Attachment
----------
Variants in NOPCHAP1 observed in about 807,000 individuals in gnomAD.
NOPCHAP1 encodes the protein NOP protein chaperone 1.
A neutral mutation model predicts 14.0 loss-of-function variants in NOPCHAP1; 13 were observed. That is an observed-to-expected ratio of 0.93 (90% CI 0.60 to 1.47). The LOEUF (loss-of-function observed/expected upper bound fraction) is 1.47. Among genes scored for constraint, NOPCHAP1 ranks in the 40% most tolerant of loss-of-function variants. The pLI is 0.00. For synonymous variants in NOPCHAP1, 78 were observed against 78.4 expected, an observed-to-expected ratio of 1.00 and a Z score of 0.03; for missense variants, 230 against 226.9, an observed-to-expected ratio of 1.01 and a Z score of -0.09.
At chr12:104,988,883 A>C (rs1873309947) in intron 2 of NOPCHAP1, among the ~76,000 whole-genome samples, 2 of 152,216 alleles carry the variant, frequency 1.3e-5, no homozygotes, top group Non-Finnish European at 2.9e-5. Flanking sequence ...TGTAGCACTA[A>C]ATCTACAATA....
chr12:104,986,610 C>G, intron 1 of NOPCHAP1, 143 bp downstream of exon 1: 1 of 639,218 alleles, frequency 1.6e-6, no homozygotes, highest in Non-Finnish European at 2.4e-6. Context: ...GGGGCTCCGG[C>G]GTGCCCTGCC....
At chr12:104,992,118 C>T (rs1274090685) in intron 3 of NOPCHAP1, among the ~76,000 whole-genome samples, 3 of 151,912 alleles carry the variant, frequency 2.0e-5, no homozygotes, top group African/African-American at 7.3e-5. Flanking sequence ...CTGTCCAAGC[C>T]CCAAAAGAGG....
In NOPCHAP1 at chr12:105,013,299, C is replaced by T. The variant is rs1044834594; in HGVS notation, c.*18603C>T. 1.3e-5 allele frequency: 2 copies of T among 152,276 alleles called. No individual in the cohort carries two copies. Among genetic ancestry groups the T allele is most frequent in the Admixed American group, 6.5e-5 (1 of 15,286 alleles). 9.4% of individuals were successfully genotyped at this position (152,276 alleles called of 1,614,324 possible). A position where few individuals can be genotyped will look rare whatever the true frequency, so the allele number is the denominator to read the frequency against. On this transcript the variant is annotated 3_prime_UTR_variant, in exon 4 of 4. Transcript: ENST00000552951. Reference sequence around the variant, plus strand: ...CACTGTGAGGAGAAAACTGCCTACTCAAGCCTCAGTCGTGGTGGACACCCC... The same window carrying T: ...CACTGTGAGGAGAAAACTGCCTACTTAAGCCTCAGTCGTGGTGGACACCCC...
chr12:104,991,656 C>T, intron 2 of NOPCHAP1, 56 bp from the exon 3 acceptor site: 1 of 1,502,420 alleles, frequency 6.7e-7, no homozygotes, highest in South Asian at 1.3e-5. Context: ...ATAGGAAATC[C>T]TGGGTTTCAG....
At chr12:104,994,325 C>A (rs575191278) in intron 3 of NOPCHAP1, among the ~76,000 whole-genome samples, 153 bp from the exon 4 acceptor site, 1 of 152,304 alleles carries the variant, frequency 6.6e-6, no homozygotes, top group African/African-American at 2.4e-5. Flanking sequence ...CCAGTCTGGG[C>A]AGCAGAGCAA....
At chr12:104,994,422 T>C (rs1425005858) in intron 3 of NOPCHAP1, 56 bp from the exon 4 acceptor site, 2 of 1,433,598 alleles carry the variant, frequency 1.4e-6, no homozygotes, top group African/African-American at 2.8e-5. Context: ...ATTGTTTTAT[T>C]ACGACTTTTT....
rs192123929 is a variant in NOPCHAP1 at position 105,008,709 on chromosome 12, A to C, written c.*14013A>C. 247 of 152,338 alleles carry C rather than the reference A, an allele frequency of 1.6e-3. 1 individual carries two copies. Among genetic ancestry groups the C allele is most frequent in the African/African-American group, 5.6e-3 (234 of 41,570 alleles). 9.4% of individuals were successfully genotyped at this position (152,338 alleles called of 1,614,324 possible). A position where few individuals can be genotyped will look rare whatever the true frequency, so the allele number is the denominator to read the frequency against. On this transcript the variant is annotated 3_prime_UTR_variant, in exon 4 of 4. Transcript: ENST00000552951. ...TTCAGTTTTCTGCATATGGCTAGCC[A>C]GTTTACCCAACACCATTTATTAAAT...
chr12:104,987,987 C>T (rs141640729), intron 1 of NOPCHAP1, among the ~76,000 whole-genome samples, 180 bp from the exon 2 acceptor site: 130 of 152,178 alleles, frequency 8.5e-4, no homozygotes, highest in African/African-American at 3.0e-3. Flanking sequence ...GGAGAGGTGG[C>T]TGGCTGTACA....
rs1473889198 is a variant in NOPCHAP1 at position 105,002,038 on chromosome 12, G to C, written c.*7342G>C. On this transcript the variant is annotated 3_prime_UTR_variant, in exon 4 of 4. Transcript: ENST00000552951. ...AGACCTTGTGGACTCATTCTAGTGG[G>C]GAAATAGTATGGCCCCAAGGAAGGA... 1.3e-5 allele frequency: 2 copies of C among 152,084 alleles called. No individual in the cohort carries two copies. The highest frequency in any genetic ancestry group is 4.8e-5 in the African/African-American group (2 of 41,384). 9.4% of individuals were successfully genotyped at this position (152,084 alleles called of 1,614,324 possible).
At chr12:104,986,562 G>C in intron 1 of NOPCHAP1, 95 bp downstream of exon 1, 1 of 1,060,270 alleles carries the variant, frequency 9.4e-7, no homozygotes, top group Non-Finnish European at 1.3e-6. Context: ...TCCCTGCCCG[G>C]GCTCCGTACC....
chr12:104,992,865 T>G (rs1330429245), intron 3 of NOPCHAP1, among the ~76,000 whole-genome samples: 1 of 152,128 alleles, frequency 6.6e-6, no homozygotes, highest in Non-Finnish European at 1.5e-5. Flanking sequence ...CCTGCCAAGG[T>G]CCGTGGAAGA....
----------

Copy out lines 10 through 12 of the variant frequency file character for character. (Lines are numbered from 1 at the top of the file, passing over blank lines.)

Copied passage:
At chr12:104,994,422 T>C (rs1425005858) in intron 3 of NOPCHAP1, 56 bp from the exon 4 acceptor site, 2 of 1,433,598 alleles carry the variant, frequency 1.4e-6, no homozygotes, top group African/African-American at 2.8e-5. Context: ...ATTGTTTTAT[T>C]ACGACTTTTT....
rs192123929 is a variant in NOPCHAP1 at position 105,008,709 on chromosome 12, A to C, written c.*14013A>C. 247 of 152,338 alleles carry C rather than the reference A, an allele frequency of 1.6e-3. 1 individual carries two copies. Among genetic ancestry groups the C allele is most frequent in the African/African-American group, 5.6e-3 (234 of 41,570 alleles). 9.4% of individuals were successfully genotyped at this position (152,338 alleles called of 1,614,324 possible). A position where few individuals can be genotyped will look rare whatever the true frequency, so the allele number is the denominator to read the frequency against. On this transcript the variant is annotated 3_prime_UTR_variant, in exon 4 of 4. Transcript: ENST00000552951. ...TTCAGTTTTCTGCATATGGCTAGCC[A>C]GTTTACCCAACACCATTTATTAAAT...
chr12:104,987,987 C>T (rs141640729), intron 1 of NOPCHAP1, among the ~76,000 whole-genome samples, 180 bp from the exon 2 acceptor site: 130 of 152,178 alleles, frequency 8.5e-4, no homozygotes, highest in African/African-American at 3.0e-3. Flanking sequence ...GGAGAGGTGG[C>T]TGGCTGTACA....